Like a lot of the other people that commented already I need a camo pattern that will let me get within 500 – 200 yards (the “visual comfort zone”) of whatever I’m hunting. Once I’m inside this zone, hopefully I’ve spotted the animal, determined which way it’s looking, and the wind direction, and have a good plan for a stalk. In the visual comfort zone they can’t hear or smell you (at least hopefully not enough to go on full alarm and blow out), so they are keying off of movement and form. I’ve found I can get away with some movement (tree branches and grass move with the wind) as long as they don’t identify my form. I learned about this on a trip to Alaska to hunt caribou. Out where we hunted we came across half dozen stone cairns that were about 3 feet tall and kind of looked like a human form – head and shoulders, down to about the waist. The caribou wouldn’t get within a couple hundred yards of them. When we got back to Lake Clark I asked one of the natives about them. He said they were called Inukshuk and were human shaped piles of stones used to drive the caribou to favorable spots for taking them; originally by bow. The caribou keyed on us, too, but we quickly found that we could lie completely in the open on our sides or prone and the caribou would come within 10 yards of us.

    This is why I think it’s so important for a camo to have some really strong contrast to the pattern, like Scent-Lok Vertigo has. It cannot block up or blob out at 200 – 500 yards.

    Once I’m within 200 yards, I’m not depending on my camo – I’m coming from a direction that they can’t see me, I’m trying to minimize sound, and I’m playing the wind. But, as others have commented, close in it is nice to have camo to get that split second advantage…

  4. Michael Flynn

    I like the digital camo for my ambush hunts in the trees. From turkey to whitetail, any pattern consistant with your background will work to 40 yds. I just wish someone would integrate a good access hole in the back of the jackets to allow for my safety harness tether. Rain and potential heat loss is whats kept me from taking my gear to the tailor and modifying it myself.

  5. Josh N

    I am a little late to the party, but here is my two cents.

    The perfect camo for me:

    1) The camo that does not increase the price of the garments. (Because of printing, treating, complexity of the pattern….or pass along royalty costs (e.g. Hyperstealth)…)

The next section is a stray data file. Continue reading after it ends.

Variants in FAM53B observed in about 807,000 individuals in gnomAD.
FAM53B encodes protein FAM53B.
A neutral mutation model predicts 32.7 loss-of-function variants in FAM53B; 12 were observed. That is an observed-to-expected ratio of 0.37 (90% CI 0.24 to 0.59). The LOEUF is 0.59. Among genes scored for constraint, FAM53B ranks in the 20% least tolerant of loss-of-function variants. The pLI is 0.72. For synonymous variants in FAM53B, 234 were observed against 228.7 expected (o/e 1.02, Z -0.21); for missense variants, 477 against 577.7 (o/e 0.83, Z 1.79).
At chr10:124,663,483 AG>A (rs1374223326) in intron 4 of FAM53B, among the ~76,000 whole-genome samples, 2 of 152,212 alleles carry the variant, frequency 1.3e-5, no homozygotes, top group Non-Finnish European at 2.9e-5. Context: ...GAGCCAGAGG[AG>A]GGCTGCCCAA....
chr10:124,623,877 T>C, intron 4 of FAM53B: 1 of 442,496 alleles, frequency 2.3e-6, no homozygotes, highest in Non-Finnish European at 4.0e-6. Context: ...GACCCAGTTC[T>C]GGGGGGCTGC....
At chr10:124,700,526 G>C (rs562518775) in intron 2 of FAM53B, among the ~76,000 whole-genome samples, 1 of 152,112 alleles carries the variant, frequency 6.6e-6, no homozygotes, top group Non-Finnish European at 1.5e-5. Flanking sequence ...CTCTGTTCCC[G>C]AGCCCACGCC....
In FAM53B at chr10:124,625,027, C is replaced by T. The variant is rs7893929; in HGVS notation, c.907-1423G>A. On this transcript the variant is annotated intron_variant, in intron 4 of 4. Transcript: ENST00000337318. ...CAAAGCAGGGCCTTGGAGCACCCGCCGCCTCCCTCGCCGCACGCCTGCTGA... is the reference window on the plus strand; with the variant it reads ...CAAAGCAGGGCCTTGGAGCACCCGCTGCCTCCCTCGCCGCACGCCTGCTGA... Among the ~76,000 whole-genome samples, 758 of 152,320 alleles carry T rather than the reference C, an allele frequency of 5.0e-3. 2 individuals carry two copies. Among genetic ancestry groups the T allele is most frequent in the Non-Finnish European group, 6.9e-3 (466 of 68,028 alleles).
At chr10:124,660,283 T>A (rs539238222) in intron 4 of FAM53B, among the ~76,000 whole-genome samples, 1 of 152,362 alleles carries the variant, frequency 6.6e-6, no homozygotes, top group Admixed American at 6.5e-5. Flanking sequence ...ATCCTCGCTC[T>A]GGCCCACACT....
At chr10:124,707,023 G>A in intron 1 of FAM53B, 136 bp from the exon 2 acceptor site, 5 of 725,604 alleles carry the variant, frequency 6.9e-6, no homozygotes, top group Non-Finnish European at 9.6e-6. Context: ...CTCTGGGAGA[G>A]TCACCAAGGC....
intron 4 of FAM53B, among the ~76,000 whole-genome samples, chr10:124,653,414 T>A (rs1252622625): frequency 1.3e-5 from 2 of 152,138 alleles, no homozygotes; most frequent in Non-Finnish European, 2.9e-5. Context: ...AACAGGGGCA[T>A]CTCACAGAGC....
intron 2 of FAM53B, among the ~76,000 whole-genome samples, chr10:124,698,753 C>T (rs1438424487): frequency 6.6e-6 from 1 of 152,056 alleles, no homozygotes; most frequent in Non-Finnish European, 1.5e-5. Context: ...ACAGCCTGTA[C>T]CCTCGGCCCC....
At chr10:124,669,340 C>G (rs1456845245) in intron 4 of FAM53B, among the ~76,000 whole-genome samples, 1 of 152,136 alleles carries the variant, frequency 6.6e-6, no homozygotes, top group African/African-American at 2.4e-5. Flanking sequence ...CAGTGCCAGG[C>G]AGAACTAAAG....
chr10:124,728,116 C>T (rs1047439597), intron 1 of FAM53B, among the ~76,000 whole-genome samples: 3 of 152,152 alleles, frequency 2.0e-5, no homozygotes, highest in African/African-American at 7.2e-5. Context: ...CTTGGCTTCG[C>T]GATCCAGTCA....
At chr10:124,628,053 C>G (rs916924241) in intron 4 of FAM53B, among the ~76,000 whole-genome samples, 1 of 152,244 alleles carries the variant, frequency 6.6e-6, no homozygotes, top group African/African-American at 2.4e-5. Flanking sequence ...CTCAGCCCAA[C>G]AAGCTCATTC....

2) The camo that does not cause compromise in fabric choice (e.g. the rain gear face fabric thread — cons of nylon).

    3) The camo that does not consume the mission of the company and change the goal from producing the best clothes to marketing a camo pattern like so many others have done (Realtree, Mossy Oak, and now Sitka). I have super high hopes for this venture and hope it produces the clothes it appears to be promising.

    I realize that the niche is/was making mountaineering gear for hunters and for many that means camo. The trouble is that what we have seen so far is a business model where the focus is to market the camo (because that is where the money is?) and let the quality slip or fall where it may….licensing rules. I hope that as this company matures the focus remains on innovation and quality garments. Yeah, the company should make money, but if the only difference in the gear is the camo pattern then I won’t give it any preference over Patagucci or any of the others. Keep the innovation high and the features tuned for hunters!

    • Jason Hairston

      Hi Josh,

      Thank you for the thoughtful response. Your bring up some very strong points and I appreciate your insight and concerns.

      One of the main reasons I left Sitka to start KUIU was to build a brand and product line that does not have to compromise on quality, performance or make any decisions that are not in the best interest of the product line, camo included.

      Your point is well taken “keep the innovation hight and the features tuned for hunter”.

      Thank you for your input. Please keep your thoughts and ideas coming .


  6. Adam Casagrande

    Jason have you looked into Multicam.

    Would it be nice to have more gear in MM to go along with the Sitka gear that I have yeah sure it would be but I think that you need to differentiate yourself and Kuiu from them. I am sure there are licensing issues with Optifade. Currently there is very little if anything offered in Multicam primarily used by military and law enforcement

    • Jason Hairston

      Hi Adam,

      I have looked at Multicam. I have not checked into licensing this pattern or who owns the intellectual property. I do like the color scheme in this pattern. I will look into it.



  7. Pedro Ampuero

    Multicam does not look bad, first time I hear about it. Cool!!. The only thing that I dont like is that for some places in Asia and Africa, military camos can get you in trouble…

    Would be nice to see also a bit of green, for spring hunting.

    Also is important that the clothing absorbs the light, some clothing tends to shine a bit. You can not apreciate it on the hand, but… I suppose is like when you see a buck on the sun shining.

    Lets see what happens!

  8. Dave Trosper

    My reply is a question. Is the Verde developed by the same company that designed the sitka camo?

    • Jason Hairston

      No, I designed and developed this pattern.

  9. Adam Hartwell

    I really like both Camo patterns you offer and at this time can only afford one. I live in CA and will do most of my hunting in CA/Sierras. Do you prefer verde or vias? Eventually I will own both, but for now I would like to choose the best all around pattern.

    Thank you,

    • Jason Hairston

      Verde is the most versatile.